The São Paolo-based architect Fernanda Marques says her brief from her clients, a pilot and her businessman husband, for this sprawling home was to have ‘a dramatic sense of openness. And so, I envisioned broad spaces that develop continually, with no partitions.’
Certainly, the approach to the 1,200 square metre Jaragua house in Alphaville – a residential suburb with aerie-like views of São Paulo, about a 40-minute drive away – gives little away, other than the impression of a long angular silhouette, its thick white border framing dark stained timber and glimpses of the sky through the cutaway windows on the mezzanine level.
Step through the front door, however, and the interior unfolds as an impressive series of linked volumes. On the ground floor, Marques clustered the living, fireplace, dining, media and breakfast rooms, alongside the kitchen, study, cloakroom, guest restroom and staff quarters. The upper floor, meanwhile, holds the family’s private quarters featuring three suites with adjoining balconies, and a family room.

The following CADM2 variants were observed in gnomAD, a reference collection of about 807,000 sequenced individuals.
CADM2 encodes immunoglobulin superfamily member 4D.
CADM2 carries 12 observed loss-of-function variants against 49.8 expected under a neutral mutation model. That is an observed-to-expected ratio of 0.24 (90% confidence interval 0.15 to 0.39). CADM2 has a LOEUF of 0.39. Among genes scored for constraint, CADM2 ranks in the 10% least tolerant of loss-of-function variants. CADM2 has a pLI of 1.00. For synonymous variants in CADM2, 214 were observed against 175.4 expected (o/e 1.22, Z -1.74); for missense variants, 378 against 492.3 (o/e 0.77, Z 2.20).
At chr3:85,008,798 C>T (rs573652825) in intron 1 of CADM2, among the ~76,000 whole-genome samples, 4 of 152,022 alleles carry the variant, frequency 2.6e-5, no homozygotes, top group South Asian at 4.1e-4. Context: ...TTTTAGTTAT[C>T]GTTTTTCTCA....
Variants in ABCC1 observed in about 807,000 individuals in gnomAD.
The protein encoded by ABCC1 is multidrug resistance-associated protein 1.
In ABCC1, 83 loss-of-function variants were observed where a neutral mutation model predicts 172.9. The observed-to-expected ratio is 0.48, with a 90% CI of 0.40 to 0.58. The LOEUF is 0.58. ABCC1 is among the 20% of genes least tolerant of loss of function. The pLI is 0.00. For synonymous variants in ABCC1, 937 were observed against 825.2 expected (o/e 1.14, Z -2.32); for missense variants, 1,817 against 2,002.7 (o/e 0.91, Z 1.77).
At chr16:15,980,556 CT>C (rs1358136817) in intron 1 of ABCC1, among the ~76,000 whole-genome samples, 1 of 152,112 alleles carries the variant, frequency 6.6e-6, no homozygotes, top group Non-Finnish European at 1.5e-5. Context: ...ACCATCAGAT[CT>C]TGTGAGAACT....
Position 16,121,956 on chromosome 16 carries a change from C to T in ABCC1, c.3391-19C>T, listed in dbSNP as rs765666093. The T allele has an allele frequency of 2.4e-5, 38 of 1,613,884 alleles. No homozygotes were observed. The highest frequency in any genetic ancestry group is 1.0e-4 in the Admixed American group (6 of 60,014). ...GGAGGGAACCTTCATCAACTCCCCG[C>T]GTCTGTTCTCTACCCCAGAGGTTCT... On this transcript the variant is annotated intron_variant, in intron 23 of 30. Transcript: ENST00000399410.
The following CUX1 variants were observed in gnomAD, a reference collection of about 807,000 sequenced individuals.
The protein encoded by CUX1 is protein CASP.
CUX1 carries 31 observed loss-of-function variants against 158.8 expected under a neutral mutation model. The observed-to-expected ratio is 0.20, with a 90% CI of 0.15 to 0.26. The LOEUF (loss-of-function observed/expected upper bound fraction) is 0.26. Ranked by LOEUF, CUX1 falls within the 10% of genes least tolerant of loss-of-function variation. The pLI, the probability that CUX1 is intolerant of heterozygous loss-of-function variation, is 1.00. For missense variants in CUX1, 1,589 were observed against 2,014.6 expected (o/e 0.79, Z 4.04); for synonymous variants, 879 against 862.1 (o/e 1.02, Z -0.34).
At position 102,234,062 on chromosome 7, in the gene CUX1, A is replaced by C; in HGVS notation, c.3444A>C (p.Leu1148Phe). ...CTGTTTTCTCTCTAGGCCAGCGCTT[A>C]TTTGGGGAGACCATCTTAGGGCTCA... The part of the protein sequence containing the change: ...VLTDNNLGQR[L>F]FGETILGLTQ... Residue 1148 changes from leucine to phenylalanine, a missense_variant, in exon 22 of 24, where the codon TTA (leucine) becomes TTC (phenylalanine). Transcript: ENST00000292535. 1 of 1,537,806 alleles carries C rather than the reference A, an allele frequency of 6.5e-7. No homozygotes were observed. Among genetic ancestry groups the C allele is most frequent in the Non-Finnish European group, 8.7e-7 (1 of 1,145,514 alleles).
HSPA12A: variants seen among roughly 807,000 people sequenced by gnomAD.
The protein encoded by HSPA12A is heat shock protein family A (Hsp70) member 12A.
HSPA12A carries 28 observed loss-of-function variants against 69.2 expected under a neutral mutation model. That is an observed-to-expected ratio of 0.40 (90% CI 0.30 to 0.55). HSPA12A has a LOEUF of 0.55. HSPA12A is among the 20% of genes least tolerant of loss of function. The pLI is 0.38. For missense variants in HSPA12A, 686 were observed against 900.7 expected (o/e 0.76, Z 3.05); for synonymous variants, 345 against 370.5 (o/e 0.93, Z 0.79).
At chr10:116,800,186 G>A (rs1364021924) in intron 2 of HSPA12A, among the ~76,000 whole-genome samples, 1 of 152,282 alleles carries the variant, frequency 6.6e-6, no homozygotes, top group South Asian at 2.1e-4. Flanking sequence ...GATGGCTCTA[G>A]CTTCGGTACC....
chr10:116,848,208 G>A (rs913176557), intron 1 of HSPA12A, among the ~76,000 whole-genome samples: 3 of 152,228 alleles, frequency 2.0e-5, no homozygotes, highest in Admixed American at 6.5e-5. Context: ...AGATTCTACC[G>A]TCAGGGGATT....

Each space – lined in shades of white and sand, limestone flooring and walnut veneer panels – is awash with indirect natural light through floor-to-ceiling windows or, in the case of the living room, a gigantic clerestory whose view of the sky literally floats over the panorama of rainforest and skyscrapers of the distant horizon that’s visible through the ground floor windows. It is a remarkable sleight of hand that Marques says was her greatest challenge.
Views aside, the other structural challenge Marques faced when planning Jaragua House was the weather. ‘We also had to consider heavy rains during summer, especially by the end of the afternoon, combined with temperatures around 30 degrees celsius during the day,’ she says. Which explains the oversized terraces that wrap around all the upper and ground floor living spaces.
With the sliding glass doors fully open, the deep terraces extend the visual line of the interiors to draw in the exterior garden and the indigo-tiled lap-pool. In this way, Marques says, ‘people can stay indoors, and be protected from both rain and sun. This also decreases the need for air-conditioning.’